Resurgence threatens shoots of recovery

Resurgence threatens shoots of recovery

Experts hope second wave of Covid-19 won't derail labour market

The Job Expo Thailand 2020 held at the Bangkok International Trade and Exhibition Centre last September saw job seekers flock to check out one million job vacancies that were announced. (Photo by Wichan Charoenkiatpakul)
The Job Expo Thailand 2020 held at the Bangkok International Trade and Exhibition Centre last September saw job seekers flock to check out one million job vacancies that were announced. (Photo by Wichan Charoenkiatpakul)

The labour market was just starting to bounce back with a lower-than-expected unemployment rate when the fresh wave of Covid-19 cases hit, says Deputy Chairman of the Thai Labour Solidarity Committee (TLSC), Chalee Loysoong.

Continued assistance will be needed for recent graduates and workers in the most affected industries as the government shapes its response, he said.

In an interview with the Bangkok Post, Mr Chalee said 2020 had been a hard year for workers who had to survive both Covid-19 and the risk of layoffs. Many companies cut employee numbers through voluntary early-retirement programmes for those aged over 45 years old.

"In the past year, many companies turned the Covid-19 crisis into an opportunity to shake up their structure. [That said,] despite the voluntary retirements and resignations, some were still forced to lay off employees," Mr Chalee said.

Nevertheless, the labour sector managed to survive the pandemic. The automotive, electrical appliances, food and export sectors were all doing well as the last wave of infections broke late last year, he said.

According to the Social Security Office, 327,693 employees were let go in 2020 with the highest number losing their jobs in August. Around 1.14 million people filed for unemployment benefits, 763,629 of whom had voluntarily resigned.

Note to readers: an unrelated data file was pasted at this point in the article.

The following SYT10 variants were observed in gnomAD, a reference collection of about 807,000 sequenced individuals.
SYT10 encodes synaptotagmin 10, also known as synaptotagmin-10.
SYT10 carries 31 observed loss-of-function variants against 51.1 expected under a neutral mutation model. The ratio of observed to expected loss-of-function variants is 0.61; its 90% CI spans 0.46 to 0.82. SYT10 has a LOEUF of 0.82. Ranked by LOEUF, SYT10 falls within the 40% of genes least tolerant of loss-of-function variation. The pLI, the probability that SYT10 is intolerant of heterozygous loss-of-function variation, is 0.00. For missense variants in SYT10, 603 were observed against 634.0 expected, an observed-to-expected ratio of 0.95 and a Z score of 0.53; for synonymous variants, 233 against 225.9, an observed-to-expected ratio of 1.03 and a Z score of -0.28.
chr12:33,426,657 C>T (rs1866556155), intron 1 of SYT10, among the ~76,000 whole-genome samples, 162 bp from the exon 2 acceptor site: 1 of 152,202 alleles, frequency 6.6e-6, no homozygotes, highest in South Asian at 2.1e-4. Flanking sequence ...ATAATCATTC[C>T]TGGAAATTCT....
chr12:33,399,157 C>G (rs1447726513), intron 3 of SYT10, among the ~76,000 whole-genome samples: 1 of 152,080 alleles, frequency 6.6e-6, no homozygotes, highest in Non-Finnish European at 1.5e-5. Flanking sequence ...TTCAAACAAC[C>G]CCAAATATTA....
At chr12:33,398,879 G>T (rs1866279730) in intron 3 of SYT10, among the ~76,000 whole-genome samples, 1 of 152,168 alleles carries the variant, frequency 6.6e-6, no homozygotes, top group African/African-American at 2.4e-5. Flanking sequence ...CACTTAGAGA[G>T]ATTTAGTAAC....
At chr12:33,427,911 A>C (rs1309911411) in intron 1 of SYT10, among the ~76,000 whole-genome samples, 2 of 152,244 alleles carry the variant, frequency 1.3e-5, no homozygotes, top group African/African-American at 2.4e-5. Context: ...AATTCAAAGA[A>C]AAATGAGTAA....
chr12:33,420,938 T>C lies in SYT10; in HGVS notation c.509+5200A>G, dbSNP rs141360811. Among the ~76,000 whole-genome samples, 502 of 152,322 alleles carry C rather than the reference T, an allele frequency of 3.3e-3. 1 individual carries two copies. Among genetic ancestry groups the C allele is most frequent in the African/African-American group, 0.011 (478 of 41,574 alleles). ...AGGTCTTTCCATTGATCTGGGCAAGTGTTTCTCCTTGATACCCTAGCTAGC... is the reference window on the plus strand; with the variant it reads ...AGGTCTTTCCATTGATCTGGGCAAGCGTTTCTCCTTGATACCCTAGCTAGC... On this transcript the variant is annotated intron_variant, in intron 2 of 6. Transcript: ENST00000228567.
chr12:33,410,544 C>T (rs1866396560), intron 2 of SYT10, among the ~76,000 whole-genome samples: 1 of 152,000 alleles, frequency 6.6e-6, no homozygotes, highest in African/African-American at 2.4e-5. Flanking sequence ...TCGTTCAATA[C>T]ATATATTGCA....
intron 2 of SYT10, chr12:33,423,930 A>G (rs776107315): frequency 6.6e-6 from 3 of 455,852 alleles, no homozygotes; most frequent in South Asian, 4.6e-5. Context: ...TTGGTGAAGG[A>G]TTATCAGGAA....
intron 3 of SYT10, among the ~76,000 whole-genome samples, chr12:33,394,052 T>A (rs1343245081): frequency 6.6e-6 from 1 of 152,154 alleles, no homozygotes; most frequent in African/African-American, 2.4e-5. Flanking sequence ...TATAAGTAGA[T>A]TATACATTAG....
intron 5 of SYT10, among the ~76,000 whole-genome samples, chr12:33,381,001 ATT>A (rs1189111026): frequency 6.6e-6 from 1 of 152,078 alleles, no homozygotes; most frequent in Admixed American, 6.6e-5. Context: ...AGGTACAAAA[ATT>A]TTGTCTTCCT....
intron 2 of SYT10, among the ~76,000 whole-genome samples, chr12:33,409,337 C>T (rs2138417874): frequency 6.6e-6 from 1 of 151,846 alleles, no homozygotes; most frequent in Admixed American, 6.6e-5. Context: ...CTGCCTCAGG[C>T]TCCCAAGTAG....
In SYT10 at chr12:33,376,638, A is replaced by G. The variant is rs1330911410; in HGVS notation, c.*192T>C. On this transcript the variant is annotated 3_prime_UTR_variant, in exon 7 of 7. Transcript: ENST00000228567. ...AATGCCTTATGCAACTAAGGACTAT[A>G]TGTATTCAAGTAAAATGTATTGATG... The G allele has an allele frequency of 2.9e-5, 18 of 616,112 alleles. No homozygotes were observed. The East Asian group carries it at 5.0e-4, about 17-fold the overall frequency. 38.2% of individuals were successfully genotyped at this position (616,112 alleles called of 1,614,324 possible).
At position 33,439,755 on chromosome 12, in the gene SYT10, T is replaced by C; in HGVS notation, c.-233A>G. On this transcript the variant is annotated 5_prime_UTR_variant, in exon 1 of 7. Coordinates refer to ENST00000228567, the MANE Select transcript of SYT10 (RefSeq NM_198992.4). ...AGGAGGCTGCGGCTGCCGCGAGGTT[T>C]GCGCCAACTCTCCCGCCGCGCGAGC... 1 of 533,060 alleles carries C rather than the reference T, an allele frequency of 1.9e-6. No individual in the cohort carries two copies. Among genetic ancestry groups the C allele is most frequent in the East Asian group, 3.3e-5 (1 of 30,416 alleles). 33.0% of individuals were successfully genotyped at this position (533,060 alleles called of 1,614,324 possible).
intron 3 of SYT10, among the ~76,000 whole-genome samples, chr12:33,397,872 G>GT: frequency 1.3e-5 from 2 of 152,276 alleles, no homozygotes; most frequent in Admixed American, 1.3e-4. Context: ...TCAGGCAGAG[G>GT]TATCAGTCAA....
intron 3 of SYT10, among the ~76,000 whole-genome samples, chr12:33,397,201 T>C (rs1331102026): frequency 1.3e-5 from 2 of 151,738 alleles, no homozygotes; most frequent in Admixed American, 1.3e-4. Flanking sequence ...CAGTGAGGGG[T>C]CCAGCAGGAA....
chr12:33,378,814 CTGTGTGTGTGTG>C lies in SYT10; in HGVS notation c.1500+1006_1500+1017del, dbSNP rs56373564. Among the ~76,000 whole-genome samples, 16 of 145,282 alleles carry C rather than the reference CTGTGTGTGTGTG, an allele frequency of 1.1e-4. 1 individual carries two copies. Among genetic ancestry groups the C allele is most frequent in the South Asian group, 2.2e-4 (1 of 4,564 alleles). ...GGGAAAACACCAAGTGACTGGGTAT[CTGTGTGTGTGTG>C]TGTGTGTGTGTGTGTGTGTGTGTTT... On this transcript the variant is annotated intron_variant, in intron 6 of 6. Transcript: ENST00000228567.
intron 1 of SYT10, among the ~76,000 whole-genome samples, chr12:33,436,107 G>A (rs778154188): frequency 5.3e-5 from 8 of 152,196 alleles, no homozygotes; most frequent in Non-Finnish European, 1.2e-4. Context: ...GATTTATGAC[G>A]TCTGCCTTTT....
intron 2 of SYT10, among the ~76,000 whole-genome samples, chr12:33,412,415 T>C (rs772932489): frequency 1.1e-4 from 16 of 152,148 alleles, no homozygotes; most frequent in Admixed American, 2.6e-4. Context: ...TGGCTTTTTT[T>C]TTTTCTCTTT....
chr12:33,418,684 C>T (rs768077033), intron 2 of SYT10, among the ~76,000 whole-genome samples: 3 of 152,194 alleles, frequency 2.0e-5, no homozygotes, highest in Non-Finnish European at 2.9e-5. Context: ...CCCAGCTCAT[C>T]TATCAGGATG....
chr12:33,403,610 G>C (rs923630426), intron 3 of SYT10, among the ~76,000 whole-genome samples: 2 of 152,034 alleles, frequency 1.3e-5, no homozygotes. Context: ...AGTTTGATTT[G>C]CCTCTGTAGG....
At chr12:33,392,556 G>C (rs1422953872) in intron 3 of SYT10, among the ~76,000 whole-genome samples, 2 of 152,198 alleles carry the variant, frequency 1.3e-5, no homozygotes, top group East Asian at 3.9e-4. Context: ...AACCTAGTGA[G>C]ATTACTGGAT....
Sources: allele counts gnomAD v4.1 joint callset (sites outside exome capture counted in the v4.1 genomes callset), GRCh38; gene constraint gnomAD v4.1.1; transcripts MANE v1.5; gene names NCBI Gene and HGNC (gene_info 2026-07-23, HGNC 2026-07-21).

The office paid out 14.99 billion baht to 945,191 people who filed for unemployment specifically related to Covid-19 at a rate of 62% of their salary.

Meanwhile, chairman of the Federation of Thailand Automobile Workers' Union, Lare Yupensuk, said the automotive sector had not yet felt the impact of the new coronavirus outbreak. Orders began to rise again last September after the number of cases dwindled and most restrictions were lifted, he added.

As long as there is no lockdown to contain the virus this year, Mr Lare said he believed auto manufacturers would be able to resume normal production.

In terms of the impact of the virus on the overall labour market and economy, Assoc Prof Kiriya Kulkolkarn, of Thammasat University, said businesses had started to recover in the fourth quarter of 2020 before the latest round of positive tests in mid-December.

However, domestic spending has dropped since then despite the government's measures to stimulate spending such as the "Khon La Khrueng" ("Let's Go Halves") co-payment programme and We Travel Together programme, she said.

She was nevertheless optimistic about the prospects of the economy, saying she believed consumers would begin to spend once the virus was brought under control again.